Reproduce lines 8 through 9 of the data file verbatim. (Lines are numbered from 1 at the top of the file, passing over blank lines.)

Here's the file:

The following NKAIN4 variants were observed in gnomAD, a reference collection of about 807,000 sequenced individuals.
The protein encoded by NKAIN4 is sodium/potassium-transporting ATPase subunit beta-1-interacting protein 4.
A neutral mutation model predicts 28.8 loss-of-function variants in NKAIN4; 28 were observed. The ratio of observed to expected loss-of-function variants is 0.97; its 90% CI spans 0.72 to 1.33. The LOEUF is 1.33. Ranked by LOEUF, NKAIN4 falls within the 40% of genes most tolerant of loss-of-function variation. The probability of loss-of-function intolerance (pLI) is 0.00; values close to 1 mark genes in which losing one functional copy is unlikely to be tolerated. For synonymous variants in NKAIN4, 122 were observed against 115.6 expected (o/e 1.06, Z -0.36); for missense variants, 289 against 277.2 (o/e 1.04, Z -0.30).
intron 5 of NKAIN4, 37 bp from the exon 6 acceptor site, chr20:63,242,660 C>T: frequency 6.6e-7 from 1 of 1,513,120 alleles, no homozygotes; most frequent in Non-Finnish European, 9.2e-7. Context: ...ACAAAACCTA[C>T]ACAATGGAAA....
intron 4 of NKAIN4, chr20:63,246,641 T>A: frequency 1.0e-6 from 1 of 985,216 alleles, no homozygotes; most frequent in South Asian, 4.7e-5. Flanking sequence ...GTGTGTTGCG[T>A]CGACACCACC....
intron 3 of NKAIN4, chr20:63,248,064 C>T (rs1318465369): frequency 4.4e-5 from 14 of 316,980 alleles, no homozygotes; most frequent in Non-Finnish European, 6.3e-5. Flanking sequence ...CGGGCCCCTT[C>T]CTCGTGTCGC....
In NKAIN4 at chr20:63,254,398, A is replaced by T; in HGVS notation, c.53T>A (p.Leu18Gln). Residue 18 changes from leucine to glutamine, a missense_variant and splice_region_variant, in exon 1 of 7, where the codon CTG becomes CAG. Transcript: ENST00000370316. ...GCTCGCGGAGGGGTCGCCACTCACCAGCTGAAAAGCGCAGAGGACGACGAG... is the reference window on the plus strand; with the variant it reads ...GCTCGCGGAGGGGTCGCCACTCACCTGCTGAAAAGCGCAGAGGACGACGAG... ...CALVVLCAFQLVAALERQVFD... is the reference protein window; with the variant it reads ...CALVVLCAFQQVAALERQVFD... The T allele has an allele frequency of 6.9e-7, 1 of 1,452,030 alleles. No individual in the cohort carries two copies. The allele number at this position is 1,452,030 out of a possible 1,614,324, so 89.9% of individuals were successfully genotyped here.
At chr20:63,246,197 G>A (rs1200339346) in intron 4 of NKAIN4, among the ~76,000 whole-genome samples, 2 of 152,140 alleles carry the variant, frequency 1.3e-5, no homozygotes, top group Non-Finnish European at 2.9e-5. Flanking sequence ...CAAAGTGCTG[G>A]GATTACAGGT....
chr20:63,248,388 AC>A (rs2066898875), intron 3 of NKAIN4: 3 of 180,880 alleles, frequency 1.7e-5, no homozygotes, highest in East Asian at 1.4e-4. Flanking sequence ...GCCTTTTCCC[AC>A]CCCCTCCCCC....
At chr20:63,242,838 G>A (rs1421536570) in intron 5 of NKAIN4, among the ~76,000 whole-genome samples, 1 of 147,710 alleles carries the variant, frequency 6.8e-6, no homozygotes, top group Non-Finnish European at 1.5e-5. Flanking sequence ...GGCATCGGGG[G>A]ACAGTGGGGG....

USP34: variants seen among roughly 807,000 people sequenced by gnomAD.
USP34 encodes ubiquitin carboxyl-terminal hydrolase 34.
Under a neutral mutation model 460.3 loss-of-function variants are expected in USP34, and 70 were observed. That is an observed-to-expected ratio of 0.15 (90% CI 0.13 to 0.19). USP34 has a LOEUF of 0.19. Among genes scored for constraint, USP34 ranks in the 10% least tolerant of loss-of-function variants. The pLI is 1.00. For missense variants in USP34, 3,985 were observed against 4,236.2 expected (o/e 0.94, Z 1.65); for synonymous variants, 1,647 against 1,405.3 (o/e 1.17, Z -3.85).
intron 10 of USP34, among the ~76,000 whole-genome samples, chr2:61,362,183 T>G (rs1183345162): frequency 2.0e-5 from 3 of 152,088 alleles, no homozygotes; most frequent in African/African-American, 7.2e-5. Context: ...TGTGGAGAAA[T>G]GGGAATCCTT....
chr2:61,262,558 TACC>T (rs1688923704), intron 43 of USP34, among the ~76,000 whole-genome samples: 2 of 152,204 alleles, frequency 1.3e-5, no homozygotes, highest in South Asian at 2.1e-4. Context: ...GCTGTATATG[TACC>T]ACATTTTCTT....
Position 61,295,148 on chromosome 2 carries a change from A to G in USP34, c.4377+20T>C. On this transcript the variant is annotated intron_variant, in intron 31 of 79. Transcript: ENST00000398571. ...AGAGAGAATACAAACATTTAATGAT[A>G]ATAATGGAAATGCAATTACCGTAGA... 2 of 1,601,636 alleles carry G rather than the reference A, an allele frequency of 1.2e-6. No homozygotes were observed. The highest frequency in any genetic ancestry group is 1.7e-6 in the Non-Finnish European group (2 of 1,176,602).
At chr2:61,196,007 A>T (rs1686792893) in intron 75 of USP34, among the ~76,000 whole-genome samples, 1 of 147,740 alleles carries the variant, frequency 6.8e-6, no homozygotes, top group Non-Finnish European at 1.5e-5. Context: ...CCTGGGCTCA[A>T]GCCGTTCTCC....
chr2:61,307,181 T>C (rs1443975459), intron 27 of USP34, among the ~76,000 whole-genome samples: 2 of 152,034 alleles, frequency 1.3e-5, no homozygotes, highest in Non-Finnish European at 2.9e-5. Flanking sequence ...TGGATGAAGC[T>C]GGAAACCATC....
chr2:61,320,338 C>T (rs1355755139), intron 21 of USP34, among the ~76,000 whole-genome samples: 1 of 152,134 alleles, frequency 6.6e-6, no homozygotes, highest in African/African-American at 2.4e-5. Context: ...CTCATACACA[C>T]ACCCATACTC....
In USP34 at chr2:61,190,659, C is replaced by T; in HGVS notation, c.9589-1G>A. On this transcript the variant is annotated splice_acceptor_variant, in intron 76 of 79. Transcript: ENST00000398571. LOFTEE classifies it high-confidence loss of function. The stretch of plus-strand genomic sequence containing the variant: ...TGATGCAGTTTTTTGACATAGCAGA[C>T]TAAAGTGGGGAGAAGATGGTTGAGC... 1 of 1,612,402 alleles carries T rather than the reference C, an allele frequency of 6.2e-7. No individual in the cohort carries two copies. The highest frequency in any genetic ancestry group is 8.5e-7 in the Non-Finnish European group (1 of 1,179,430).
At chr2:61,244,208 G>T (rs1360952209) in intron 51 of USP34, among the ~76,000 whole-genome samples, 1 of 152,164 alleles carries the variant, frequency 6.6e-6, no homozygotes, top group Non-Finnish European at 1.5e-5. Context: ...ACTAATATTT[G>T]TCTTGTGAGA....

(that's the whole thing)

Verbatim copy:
At chr20:63,246,197 G>A (rs1200339346) in intron 4 of NKAIN4, among the ~76,000 whole-genome samples, 2 of 152,140 alleles carry the variant, frequency 1.3e-5, no homozygotes, top group Non-Finnish European at 2.9e-5. Flanking sequence ...CAAAGTGCTG[G>A]GATTACAGGT....
chr20:63,248,388 AC>A (rs2066898875), intron 3 of NKAIN4: 3 of 180,880 alleles, frequency 1.7e-5, no homozygotes, highest in East Asian at 1.4e-4. Flanking sequence ...GCCTTTTCCC[AC>A]CCCCTCCCCC....